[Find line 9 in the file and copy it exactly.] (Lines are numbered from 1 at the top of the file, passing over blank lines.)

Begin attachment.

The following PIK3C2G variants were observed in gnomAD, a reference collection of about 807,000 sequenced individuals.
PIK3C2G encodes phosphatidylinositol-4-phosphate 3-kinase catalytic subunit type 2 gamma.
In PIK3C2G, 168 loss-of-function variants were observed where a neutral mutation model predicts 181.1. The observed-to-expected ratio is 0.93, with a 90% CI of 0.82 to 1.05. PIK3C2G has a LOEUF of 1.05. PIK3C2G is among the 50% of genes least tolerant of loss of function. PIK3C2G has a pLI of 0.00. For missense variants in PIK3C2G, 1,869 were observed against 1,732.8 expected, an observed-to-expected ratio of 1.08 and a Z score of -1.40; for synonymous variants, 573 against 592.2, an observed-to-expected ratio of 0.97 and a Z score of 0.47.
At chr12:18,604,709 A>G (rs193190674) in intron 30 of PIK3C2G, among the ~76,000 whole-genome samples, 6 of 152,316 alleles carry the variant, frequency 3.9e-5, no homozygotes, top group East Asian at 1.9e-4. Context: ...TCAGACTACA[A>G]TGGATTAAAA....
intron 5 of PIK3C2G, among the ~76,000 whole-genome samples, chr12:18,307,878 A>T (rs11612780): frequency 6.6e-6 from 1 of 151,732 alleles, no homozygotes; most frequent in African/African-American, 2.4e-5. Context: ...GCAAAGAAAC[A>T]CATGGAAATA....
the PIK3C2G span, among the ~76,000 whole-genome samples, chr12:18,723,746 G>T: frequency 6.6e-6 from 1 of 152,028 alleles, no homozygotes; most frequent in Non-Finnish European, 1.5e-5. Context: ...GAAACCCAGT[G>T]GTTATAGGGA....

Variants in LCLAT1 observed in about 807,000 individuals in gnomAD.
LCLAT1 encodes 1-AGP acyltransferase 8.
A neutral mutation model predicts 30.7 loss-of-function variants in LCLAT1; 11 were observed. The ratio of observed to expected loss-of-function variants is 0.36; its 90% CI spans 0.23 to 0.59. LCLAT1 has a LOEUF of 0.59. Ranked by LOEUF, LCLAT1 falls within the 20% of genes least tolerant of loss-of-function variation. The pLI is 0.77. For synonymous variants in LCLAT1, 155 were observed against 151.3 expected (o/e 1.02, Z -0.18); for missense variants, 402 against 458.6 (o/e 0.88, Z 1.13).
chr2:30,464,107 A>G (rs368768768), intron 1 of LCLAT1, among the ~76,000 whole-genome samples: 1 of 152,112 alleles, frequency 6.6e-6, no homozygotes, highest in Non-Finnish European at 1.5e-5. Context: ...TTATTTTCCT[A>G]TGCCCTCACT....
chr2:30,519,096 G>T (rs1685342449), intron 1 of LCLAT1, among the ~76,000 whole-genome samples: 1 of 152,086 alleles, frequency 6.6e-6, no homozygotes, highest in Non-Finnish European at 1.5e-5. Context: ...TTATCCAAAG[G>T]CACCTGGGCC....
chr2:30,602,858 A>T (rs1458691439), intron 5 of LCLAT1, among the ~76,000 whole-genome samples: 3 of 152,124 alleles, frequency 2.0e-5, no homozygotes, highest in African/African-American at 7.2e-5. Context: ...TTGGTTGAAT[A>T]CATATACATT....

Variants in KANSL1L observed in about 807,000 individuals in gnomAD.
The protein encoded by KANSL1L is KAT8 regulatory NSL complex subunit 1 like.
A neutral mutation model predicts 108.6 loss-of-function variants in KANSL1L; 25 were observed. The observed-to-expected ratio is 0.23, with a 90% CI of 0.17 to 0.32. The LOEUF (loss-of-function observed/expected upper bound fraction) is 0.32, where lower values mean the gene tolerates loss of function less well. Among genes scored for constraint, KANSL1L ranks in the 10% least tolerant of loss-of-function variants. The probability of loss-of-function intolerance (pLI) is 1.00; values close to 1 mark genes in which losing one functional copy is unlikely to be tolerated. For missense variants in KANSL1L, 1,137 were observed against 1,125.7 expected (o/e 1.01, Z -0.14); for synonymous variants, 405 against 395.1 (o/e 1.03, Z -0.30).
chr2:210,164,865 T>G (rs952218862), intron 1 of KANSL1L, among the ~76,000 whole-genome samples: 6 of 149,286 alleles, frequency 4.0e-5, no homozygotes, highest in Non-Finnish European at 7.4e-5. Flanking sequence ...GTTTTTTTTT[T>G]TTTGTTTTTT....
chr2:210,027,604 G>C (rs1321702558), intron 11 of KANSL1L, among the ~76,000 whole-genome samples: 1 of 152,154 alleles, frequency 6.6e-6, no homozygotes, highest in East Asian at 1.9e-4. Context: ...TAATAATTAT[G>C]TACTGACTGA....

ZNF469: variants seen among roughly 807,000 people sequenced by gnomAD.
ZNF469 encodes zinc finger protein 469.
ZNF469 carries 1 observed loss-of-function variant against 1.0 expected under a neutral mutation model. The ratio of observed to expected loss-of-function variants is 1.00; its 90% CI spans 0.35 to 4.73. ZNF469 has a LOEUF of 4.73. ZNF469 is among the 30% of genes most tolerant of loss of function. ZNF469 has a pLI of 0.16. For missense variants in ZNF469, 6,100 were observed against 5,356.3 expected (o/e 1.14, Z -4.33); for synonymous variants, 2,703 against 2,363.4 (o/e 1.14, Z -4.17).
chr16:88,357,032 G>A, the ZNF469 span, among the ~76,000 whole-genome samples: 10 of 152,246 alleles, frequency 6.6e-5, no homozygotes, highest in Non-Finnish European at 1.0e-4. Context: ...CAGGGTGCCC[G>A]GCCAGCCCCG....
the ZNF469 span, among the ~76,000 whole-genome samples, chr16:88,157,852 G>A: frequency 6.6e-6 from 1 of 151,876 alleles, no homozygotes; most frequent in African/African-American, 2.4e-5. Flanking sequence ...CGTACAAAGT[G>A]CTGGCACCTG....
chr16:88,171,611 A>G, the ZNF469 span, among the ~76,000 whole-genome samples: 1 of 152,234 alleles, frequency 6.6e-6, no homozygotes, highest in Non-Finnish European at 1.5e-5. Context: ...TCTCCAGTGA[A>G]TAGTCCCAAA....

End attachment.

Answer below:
A neutral mutation model predicts 30.7 loss-of-function variants in LCLAT1; 11 were observed. The ratio of observed to expected loss-of-function variants is 0.36; its 90% CI spans 0.23 to 0.59. LCLAT1 has a LOEUF of 0.59. Ranked by LOEUF, LCLAT1 falls within the 20% of genes least tolerant of loss-of-function variation. The pLI is 0.77. For synonymous variants in LCLAT1, 155 were observed against 151.3 expected (o/e 1.02, Z -0.18); for missense variants, 402 against 458.6 (o/e 0.88, Z 1.13).